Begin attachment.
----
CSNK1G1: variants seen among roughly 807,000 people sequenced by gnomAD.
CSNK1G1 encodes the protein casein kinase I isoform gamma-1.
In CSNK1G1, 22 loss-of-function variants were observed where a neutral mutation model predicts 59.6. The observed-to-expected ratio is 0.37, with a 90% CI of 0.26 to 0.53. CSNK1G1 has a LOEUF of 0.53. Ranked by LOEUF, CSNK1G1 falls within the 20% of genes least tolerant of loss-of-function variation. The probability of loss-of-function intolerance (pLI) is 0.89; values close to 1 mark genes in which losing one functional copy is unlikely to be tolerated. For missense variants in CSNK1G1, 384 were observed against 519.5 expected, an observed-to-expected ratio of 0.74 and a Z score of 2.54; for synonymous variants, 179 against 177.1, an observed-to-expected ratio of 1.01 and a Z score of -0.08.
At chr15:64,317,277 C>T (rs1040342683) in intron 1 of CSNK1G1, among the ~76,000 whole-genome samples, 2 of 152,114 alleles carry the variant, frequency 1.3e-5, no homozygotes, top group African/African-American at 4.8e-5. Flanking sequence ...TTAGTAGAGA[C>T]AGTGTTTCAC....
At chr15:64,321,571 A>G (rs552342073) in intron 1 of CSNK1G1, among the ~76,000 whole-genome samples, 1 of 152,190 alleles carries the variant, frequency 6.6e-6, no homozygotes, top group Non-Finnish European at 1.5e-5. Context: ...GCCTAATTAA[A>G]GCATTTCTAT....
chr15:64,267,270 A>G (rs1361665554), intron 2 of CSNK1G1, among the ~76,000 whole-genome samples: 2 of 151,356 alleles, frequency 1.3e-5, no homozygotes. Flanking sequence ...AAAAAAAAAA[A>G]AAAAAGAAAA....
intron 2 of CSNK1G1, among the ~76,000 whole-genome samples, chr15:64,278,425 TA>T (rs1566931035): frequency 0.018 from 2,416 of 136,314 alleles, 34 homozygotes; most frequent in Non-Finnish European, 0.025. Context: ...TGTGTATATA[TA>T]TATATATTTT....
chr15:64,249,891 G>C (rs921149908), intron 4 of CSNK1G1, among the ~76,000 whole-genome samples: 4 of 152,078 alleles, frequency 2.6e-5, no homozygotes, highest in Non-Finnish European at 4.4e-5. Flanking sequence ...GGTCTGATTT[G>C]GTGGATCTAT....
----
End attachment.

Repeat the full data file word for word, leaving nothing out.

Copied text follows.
CSNK1G1: variants seen among roughly 807,000 people sequenced by gnomAD.
CSNK1G1 encodes the protein casein kinase I isoform gamma-1.
In CSNK1G1, 22 loss-of-function variants were observed where a neutral mutation model predicts 59.6. The observed-to-expected ratio is 0.37, with a 90% CI of 0.26 to 0.53. CSNK1G1 has a LOEUF of 0.53. Ranked by LOEUF, CSNK1G1 falls within the 20% of genes least tolerant of loss-of-function variation. The probability of loss-of-function intolerance (pLI) is 0.89; values close to 1 mark genes in which losing one functional copy is unlikely to be tolerated. For missense variants in CSNK1G1, 384 were observed against 519.5 expected, an observed-to-expected ratio of 0.74 and a Z score of 2.54; for synonymous variants, 179 against 177.1, an observed-to-expected ratio of 1.01 and a Z score of -0.08.
At chr15:64,317,277 C>T (rs1040342683) in intron 1 of CSNK1G1, among the ~76,000 whole-genome samples, 2 of 152,114 alleles carry the variant, frequency 1.3e-5, no homozygotes, top group African/African-American at 4.8e-5. Flanking sequence ...TTAGTAGAGA[C>T]AGTGTTTCAC....
At chr15:64,321,571 A>G (rs552342073) in intron 1 of CSNK1G1, among the ~76,000 whole-genome samples, 1 of 152,190 alleles carries the variant, frequency 6.6e-6, no homozygotes, top group Non-Finnish European at 1.5e-5. Context: ...GCCTAATTAA[A>G]GCATTTCTAT....
chr15:64,267,270 A>G (rs1361665554), intron 2 of CSNK1G1, among the ~76,000 whole-genome samples: 2 of 151,356 alleles, frequency 1.3e-5, no homozygotes. Flanking sequence ...AAAAAAAAAA[A>G]AAAAAGAAAA....
intron 2 of CSNK1G1, among the ~76,000 whole-genome samples, chr15:64,278,425 TA>T (rs1566931035): frequency 0.018 from 2,416 of 136,314 alleles, 34 homozygotes; most frequent in Non-Finnish European, 0.025. Context: ...TGTGTATATA[TA>T]TATATATTTT....
chr15:64,249,891 G>C (rs921149908), intron 4 of CSNK1G1, among the ~76,000 whole-genome samples: 4 of 152,078 alleles, frequency 2.6e-5, no homozygotes, highest in Non-Finnish European at 4.4e-5. Flanking sequence ...GGTCTGATTT[G>C]GTGGATCTAT....